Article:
Mitochondrial DNA variation and the evolution of Robertsonian chromosomal races of house mice, Mus domesticus.
M W Nachman, S N Boyer, J B Searle, C F Aquadro

Abstract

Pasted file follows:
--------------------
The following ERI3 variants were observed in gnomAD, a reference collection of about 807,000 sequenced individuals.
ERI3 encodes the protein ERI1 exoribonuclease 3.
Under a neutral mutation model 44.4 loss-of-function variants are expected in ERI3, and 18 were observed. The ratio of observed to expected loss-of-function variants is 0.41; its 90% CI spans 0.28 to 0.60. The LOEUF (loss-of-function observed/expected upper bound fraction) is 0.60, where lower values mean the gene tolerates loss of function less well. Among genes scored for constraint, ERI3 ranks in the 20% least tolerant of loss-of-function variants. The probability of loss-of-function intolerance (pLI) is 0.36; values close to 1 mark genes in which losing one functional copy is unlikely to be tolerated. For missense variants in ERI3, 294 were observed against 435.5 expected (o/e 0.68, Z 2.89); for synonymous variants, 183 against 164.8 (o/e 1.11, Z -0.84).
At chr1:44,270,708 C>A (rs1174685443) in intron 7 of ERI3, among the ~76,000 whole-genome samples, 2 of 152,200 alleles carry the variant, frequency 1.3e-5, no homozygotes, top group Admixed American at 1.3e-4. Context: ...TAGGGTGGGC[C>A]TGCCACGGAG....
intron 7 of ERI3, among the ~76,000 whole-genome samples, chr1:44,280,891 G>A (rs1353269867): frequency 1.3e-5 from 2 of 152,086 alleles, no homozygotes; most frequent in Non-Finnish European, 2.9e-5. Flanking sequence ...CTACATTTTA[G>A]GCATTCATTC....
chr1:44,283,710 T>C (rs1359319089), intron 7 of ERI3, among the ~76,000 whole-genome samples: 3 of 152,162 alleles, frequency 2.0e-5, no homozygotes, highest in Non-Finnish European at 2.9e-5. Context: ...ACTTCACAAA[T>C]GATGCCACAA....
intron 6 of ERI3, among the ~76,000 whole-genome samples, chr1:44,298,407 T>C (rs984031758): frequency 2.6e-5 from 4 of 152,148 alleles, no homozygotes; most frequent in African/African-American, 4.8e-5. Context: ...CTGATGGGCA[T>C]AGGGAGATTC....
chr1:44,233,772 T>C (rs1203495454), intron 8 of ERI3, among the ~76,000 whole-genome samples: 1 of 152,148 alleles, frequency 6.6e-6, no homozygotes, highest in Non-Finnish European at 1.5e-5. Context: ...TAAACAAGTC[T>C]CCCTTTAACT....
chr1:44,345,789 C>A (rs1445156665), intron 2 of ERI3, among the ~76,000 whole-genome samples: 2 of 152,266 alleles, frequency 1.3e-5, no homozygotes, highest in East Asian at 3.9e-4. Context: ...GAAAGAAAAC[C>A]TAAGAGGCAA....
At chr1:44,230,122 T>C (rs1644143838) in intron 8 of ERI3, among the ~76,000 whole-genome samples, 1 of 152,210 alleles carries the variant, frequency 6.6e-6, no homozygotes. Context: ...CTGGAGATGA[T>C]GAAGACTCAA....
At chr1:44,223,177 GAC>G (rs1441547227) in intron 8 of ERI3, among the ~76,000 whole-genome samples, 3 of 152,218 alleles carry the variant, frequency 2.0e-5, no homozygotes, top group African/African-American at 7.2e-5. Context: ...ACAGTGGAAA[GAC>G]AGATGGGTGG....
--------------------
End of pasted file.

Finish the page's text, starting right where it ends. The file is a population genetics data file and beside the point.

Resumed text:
The house mouse, Mus domesticus, includes many distinct Robertsonian (Rb) chromosomal races with diploid numbers from 2n = 22 to 2n = 38. Although these races are highly differentiated karyotypically, they are otherwise indistinguishable from standard karyotype (i.e., 2n = 40) mice, and consequently their evolutionary histories are not well understood. We have examined mitochondrial DNA (mtDNA) sequence variation from the control region and the ND3 gene region among 56 M. domesticus from Western Europe, including 15 Rb populations and 13 standard karyotype populations, and two individuals of the sister species, Mus musculus. mtDNA exhibited an average sequence divergence of 0.84% within M. domesticus and 3.4% between M. domesticus and M. musculus. The transition/transversion bias for the regions sequenced is 5.7:1, and the overall rate of sequence evolution is approximately 10% divergence per million years. The amount of mtDNA variation was as great among different Rb races as among different populations of standard karyotype mice, suggesting that different Rb races do not derive from a single recent maternal lineage. Phylogenetic analysis of the mtDNA sequences resulted in a parsimony tree which contained six major clades. Each of these clades contained both Rb and standard karyotype mice, consistent with the hypothesis that Rb races have arisen independently multiple times. Discordance between phylogeny and geography was attributable to ancestral polymorphism as a consequence of the recent colonization of Western Europe by mice. Two major mtDNA lineages were geographically localized and contained both Rb and standard karyotype mice. The age of these lineages suggests that mice have moved into Europe only within the last 10,000 years and that Rb populations in different geographic regions arose during this time.